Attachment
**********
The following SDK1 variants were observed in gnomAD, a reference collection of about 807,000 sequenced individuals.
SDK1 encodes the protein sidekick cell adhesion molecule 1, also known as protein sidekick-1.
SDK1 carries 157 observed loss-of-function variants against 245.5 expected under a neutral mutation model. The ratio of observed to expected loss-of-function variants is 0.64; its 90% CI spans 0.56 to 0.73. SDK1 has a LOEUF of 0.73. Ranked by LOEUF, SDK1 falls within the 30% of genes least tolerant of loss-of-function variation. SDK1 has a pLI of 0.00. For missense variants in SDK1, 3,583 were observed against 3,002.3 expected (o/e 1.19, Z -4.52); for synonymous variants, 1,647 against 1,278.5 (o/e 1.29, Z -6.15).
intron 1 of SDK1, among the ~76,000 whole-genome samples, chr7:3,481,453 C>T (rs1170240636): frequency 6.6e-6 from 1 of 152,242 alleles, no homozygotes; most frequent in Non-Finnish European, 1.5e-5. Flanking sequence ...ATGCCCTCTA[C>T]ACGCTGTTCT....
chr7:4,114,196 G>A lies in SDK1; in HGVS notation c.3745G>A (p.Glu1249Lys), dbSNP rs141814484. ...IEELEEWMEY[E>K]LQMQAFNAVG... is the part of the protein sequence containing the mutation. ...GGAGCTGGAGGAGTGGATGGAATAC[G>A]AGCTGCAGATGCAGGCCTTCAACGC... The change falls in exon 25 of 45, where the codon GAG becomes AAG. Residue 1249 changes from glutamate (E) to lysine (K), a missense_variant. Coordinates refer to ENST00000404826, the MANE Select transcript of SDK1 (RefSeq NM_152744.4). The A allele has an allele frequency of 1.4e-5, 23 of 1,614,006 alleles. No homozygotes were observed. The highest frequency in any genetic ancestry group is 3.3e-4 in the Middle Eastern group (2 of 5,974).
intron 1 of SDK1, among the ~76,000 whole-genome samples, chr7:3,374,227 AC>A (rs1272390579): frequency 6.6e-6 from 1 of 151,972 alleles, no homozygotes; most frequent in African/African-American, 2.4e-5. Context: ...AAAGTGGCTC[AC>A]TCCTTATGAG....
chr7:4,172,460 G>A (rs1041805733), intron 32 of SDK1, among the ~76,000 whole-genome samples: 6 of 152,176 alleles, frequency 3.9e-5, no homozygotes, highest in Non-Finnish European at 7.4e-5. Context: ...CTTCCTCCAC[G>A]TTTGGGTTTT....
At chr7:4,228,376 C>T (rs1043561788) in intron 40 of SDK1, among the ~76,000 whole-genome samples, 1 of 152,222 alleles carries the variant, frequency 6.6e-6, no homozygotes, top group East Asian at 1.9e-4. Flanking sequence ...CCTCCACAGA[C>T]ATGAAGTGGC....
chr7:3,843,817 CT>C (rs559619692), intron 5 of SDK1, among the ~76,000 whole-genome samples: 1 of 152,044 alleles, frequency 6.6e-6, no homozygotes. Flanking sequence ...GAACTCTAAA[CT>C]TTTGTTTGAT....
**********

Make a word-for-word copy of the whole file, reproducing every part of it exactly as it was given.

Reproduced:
The following SDK1 variants were observed in gnomAD, a reference collection of about 807,000 sequenced individuals.
SDK1 encodes the protein sidekick cell adhesion molecule 1, also known as protein sidekick-1.
SDK1 carries 157 observed loss-of-function variants against 245.5 expected under a neutral mutation model. The ratio of observed to expected loss-of-function variants is 0.64; its 90% CI spans 0.56 to 0.73. SDK1 has a LOEUF of 0.73. Ranked by LOEUF, SDK1 falls within the 30% of genes least tolerant of loss-of-function variation. SDK1 has a pLI of 0.00. For missense variants in SDK1, 3,583 were observed against 3,002.3 expected (o/e 1.19, Z -4.52); for synonymous variants, 1,647 against 1,278.5 (o/e 1.29, Z -6.15).
intron 1 of SDK1, among the ~76,000 whole-genome samples, chr7:3,481,453 C>T (rs1170240636): frequency 6.6e-6 from 1 of 152,242 alleles, no homozygotes; most frequent in Non-Finnish European, 1.5e-5. Flanking sequence ...ATGCCCTCTA[C>T]ACGCTGTTCT....
chr7:4,114,196 G>A lies in SDK1; in HGVS notation c.3745G>A (p.Glu1249Lys), dbSNP rs141814484. ...IEELEEWMEY[E>K]LQMQAFNAVG... is the part of the protein sequence containing the mutation. ...GGAGCTGGAGGAGTGGATGGAATAC[G>A]AGCTGCAGATGCAGGCCTTCAACGC... The change falls in exon 25 of 45, where the codon GAG becomes AAG. Residue 1249 changes from glutamate (E) to lysine (K), a missense_variant. Coordinates refer to ENST00000404826, the MANE Select transcript of SDK1 (RefSeq NM_152744.4). The A allele has an allele frequency of 1.4e-5, 23 of 1,614,006 alleles. No homozygotes were observed. The highest frequency in any genetic ancestry group is 3.3e-4 in the Middle Eastern group (2 of 5,974).
intron 1 of SDK1, among the ~76,000 whole-genome samples, chr7:3,374,227 AC>A (rs1272390579): frequency 6.6e-6 from 1 of 151,972 alleles, no homozygotes; most frequent in African/African-American, 2.4e-5. Context: ...AAAGTGGCTC[AC>A]TCCTTATGAG....
chr7:4,172,460 G>A (rs1041805733), intron 32 of SDK1, among the ~76,000 whole-genome samples: 6 of 152,176 alleles, frequency 3.9e-5, no homozygotes, highest in Non-Finnish European at 7.4e-5. Context: ...CTTCCTCCAC[G>A]TTTGGGTTTT....
At chr7:4,228,376 C>T (rs1043561788) in intron 40 of SDK1, among the ~76,000 whole-genome samples, 1 of 152,222 alleles carries the variant, frequency 6.6e-6, no homozygotes, top group East Asian at 1.9e-4. Flanking sequence ...CCTCCACAGA[C>T]ATGAAGTGGC....
chr7:3,843,817 CT>C (rs559619692), intron 5 of SDK1, among the ~76,000 whole-genome samples: 1 of 152,044 alleles, frequency 6.6e-6, no homozygotes. Flanking sequence ...GAACTCTAAA[CT>C]TTTGTTTGAT....